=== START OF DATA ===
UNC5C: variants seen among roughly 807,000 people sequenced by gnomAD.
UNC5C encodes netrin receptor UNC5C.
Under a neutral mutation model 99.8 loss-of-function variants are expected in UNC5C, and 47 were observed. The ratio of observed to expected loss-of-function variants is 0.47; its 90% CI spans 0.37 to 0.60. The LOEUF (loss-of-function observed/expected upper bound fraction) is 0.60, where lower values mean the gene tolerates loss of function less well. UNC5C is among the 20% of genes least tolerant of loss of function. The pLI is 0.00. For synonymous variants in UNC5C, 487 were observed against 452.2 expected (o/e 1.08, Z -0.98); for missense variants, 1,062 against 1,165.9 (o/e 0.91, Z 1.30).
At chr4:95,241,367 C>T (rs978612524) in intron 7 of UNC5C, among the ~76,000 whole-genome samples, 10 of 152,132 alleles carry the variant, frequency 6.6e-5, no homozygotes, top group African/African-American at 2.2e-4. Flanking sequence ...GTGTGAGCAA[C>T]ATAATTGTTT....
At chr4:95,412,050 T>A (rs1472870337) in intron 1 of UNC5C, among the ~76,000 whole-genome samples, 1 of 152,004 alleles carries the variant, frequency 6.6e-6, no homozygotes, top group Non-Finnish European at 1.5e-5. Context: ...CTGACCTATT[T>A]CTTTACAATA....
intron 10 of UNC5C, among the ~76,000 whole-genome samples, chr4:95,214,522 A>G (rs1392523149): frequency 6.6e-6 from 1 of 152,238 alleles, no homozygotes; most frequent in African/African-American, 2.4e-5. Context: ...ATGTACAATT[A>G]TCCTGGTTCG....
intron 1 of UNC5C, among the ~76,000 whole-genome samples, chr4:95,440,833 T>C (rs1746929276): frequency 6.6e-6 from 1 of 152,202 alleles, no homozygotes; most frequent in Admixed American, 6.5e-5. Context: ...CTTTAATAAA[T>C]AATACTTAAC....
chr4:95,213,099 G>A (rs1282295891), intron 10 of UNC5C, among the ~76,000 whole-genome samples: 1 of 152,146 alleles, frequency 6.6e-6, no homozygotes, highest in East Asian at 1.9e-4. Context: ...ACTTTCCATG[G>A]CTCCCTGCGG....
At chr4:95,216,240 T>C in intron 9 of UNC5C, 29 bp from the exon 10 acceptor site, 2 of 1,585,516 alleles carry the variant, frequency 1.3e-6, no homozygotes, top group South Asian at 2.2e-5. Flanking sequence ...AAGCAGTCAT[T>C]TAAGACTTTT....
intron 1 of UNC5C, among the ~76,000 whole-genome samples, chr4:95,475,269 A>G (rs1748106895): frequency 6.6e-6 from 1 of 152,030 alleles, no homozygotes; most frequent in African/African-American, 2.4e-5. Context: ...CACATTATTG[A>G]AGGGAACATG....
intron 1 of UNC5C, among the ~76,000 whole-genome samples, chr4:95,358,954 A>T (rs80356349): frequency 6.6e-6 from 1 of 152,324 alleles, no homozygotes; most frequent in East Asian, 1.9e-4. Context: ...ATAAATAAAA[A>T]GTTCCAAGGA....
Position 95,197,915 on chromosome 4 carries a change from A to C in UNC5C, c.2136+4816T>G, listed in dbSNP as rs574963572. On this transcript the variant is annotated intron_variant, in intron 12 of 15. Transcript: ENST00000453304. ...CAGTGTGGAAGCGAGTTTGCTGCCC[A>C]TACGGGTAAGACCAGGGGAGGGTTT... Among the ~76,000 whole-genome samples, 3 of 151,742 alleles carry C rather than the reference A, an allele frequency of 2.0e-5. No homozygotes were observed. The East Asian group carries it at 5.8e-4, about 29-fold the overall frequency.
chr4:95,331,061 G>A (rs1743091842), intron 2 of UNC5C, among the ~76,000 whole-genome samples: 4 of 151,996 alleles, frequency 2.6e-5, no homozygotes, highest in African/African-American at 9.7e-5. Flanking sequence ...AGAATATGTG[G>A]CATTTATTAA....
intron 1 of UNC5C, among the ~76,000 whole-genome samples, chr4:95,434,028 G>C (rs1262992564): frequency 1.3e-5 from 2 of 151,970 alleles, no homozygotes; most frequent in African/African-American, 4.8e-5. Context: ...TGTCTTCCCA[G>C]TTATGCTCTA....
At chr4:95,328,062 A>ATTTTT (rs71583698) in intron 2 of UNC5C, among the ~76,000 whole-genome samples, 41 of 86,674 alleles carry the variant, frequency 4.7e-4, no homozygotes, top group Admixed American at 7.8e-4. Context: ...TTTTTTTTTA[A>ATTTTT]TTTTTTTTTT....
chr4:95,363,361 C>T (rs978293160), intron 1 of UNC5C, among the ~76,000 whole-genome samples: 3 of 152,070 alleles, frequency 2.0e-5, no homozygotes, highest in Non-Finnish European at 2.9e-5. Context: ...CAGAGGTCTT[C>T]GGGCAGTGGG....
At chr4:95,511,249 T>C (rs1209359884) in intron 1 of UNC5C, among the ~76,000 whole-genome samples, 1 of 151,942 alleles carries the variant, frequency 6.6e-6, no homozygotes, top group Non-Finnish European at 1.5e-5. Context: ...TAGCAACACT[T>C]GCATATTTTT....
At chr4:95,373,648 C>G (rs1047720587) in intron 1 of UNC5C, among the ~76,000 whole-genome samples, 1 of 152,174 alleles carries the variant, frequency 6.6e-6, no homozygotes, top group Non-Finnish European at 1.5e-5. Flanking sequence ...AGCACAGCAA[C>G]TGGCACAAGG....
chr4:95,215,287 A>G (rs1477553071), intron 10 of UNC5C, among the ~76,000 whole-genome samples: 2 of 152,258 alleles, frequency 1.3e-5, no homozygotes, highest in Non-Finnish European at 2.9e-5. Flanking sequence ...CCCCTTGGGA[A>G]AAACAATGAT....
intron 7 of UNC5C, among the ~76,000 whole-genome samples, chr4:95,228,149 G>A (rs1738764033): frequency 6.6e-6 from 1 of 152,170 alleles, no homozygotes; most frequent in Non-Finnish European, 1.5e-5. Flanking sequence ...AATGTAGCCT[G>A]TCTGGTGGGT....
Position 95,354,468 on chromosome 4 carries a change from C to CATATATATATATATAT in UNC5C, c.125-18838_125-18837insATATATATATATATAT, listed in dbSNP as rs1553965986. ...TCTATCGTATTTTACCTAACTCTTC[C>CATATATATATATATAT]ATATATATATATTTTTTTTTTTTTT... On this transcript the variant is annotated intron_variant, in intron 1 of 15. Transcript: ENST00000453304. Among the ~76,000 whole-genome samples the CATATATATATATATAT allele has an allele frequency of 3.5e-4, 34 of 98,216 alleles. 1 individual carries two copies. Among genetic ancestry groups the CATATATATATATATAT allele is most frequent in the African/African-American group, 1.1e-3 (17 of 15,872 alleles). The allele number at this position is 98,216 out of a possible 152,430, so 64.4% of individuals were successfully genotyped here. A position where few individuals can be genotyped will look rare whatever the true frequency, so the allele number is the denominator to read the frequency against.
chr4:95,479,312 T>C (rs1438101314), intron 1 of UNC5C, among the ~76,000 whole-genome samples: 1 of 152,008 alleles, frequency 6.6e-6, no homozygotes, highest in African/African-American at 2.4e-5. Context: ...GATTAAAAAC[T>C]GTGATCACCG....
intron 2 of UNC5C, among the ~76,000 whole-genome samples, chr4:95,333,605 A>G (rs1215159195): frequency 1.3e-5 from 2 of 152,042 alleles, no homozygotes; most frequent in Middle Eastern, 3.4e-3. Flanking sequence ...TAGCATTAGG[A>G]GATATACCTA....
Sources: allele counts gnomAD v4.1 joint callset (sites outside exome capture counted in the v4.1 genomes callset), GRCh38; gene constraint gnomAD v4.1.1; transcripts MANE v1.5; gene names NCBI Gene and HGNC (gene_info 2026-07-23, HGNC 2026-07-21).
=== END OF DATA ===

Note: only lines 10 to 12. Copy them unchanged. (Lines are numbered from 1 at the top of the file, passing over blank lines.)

intron 1 of UNC5C, among the ~76,000 whole-genome samples, chr4:95,475,269 A>G (rs1748106895): frequency 6.6e-6 from 1 of 152,030 alleles, no homozygotes; most frequent in African/African-American, 2.4e-5. Context: ...CACATTATTG[A>G]AGGGAACATG....
intron 1 of UNC5C, among the ~76,000 whole-genome samples, chr4:95,358,954 A>T (rs80356349): frequency 6.6e-6 from 1 of 152,324 alleles, no homozygotes; most frequent in East Asian, 1.9e-4. Context: ...ATAAATAAAA[A>T]GTTCCAAGGA....
Position 95,197,915 on chromosome 4 carries a change from A to C in UNC5C, c.2136+4816T>G, listed in dbSNP as rs574963572. On this transcript the variant is annotated intron_variant, in intron 12 of 15. Transcript: ENST00000453304. ...CAGTGTGGAAGCGAGTTTGCTGCCC[A>C]TACGGGTAAGACCAGGGGAGGGTTT... Among the ~76,000 whole-genome samples, 3 of 151,742 alleles carry C rather than the reference A, an allele frequency of 2.0e-5. No homozygotes were observed. The East Asian group carries it at 5.8e-4, about 29-fold the overall frequency.